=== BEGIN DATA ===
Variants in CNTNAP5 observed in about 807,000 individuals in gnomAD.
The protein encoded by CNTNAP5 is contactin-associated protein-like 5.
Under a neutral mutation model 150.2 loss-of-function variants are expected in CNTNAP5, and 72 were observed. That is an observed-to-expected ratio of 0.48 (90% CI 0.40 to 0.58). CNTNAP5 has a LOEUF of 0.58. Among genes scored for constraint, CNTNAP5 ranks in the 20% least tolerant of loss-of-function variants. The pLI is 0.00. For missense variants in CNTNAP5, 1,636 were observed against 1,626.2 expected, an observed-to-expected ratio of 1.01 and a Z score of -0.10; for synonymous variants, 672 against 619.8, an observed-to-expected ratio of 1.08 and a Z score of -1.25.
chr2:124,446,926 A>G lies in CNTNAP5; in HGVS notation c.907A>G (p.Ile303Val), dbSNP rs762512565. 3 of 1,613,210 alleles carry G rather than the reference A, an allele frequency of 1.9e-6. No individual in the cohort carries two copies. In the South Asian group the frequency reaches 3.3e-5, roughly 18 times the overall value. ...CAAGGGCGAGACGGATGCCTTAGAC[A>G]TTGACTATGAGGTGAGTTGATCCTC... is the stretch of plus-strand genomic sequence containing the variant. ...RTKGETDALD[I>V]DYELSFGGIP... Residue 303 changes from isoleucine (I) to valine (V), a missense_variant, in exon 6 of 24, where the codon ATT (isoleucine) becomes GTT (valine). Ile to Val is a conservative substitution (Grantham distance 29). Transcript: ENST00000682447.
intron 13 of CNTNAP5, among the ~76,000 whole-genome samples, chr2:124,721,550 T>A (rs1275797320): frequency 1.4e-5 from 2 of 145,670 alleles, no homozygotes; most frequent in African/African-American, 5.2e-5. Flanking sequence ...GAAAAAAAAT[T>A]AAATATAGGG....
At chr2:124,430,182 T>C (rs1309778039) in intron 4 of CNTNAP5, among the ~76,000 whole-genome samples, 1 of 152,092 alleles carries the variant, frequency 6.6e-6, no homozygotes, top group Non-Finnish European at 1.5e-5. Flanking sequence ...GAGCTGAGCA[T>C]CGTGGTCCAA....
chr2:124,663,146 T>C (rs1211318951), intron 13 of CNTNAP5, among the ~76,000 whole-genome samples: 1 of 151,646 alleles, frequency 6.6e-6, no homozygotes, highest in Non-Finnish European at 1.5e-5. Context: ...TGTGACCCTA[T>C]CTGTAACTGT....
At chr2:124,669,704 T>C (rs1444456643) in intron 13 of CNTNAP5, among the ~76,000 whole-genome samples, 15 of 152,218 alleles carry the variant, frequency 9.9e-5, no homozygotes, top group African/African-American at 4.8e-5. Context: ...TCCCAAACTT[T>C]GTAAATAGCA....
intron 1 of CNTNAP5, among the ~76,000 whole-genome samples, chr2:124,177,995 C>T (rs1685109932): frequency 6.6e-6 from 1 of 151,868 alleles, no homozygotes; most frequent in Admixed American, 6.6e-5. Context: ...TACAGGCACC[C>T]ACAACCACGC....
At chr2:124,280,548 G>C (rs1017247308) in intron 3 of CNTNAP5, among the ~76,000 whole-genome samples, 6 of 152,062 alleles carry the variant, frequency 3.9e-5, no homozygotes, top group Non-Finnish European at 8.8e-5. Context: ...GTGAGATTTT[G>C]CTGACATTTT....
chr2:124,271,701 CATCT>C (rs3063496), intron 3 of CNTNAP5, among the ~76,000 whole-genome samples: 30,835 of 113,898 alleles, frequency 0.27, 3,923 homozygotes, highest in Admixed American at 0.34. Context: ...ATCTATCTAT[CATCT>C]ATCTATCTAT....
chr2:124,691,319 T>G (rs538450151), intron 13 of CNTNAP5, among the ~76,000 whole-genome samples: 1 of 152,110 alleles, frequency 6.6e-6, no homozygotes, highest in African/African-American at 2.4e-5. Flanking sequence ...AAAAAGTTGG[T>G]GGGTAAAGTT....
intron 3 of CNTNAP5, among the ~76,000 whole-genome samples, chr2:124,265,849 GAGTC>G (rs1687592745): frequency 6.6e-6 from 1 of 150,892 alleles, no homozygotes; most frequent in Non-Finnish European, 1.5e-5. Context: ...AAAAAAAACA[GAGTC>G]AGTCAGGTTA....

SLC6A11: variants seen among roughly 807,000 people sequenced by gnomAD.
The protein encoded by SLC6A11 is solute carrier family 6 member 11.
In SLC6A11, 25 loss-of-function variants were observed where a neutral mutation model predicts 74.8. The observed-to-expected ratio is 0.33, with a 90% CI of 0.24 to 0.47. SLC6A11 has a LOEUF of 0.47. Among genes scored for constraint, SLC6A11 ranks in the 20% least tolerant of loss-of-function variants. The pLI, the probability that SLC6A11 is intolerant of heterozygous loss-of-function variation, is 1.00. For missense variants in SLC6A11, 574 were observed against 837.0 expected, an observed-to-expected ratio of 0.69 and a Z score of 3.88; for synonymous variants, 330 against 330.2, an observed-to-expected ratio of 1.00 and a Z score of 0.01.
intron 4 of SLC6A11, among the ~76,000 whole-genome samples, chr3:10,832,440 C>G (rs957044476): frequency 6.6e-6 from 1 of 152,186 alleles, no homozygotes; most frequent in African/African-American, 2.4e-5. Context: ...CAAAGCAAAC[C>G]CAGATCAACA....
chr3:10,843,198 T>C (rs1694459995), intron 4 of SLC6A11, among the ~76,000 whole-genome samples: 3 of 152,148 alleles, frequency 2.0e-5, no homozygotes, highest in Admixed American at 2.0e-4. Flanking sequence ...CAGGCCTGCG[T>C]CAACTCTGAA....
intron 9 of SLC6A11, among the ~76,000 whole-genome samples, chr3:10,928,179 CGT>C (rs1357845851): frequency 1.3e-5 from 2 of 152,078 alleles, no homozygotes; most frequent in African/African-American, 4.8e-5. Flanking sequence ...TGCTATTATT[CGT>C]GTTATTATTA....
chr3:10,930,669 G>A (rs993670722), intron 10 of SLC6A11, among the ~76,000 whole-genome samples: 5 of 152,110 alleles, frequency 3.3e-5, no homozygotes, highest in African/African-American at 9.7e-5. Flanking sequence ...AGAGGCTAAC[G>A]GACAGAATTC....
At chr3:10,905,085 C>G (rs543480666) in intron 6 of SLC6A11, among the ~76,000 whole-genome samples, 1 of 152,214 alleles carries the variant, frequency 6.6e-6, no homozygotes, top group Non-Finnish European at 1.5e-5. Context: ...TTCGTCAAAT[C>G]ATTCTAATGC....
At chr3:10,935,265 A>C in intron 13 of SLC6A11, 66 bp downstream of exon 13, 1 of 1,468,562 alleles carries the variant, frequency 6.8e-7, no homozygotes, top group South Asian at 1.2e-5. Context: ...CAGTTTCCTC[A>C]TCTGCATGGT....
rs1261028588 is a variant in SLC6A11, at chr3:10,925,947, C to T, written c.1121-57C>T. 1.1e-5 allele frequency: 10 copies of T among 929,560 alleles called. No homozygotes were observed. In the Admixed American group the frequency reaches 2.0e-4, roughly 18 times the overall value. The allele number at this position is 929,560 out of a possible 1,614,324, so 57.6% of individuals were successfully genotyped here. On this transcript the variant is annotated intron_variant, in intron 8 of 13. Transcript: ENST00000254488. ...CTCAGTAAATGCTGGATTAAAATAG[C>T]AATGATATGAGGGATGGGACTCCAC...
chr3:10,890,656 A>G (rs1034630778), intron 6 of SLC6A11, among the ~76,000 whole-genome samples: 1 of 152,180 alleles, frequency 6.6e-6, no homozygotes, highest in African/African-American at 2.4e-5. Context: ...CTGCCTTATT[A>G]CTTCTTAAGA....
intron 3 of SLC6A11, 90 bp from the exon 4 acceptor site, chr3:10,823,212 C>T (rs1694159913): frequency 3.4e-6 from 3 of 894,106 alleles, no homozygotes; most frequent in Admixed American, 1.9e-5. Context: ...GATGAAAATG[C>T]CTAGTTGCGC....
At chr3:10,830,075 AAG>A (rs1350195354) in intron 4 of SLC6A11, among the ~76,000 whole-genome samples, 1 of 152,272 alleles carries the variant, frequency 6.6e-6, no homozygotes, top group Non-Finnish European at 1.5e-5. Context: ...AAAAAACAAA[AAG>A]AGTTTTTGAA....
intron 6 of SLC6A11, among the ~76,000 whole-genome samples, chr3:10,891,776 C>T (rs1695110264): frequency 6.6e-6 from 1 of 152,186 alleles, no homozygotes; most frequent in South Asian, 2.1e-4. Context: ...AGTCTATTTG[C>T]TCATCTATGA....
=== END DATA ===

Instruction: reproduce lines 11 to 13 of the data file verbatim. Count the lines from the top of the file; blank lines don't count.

chr2:124,271,701 CATCT>C (rs3063496), intron 3 of CNTNAP5, among the ~76,000 whole-genome samples: 30,835 of 113,898 alleles, frequency 0.27, 3,923 homozygotes, highest in Admixed American at 0.34. Context: ...ATCTATCTAT[CATCT>C]ATCTATCTAT....
chr2:124,691,319 T>G (rs538450151), intron 13 of CNTNAP5, among the ~76,000 whole-genome samples: 1 of 152,110 alleles, frequency 6.6e-6, no homozygotes, highest in African/African-American at 2.4e-5. Flanking sequence ...AAAAAGTTGG[T>G]GGGTAAAGTT....
intron 3 of CNTNAP5, among the ~76,000 whole-genome samples, chr2:124,265,849 GAGTC>G (rs1687592745): frequency 6.6e-6 from 1 of 150,892 alleles, no homozygotes; most frequent in Non-Finnish European, 1.5e-5. Context: ...AAAAAAAACA[GAGTC>G]AGTCAGGTTA....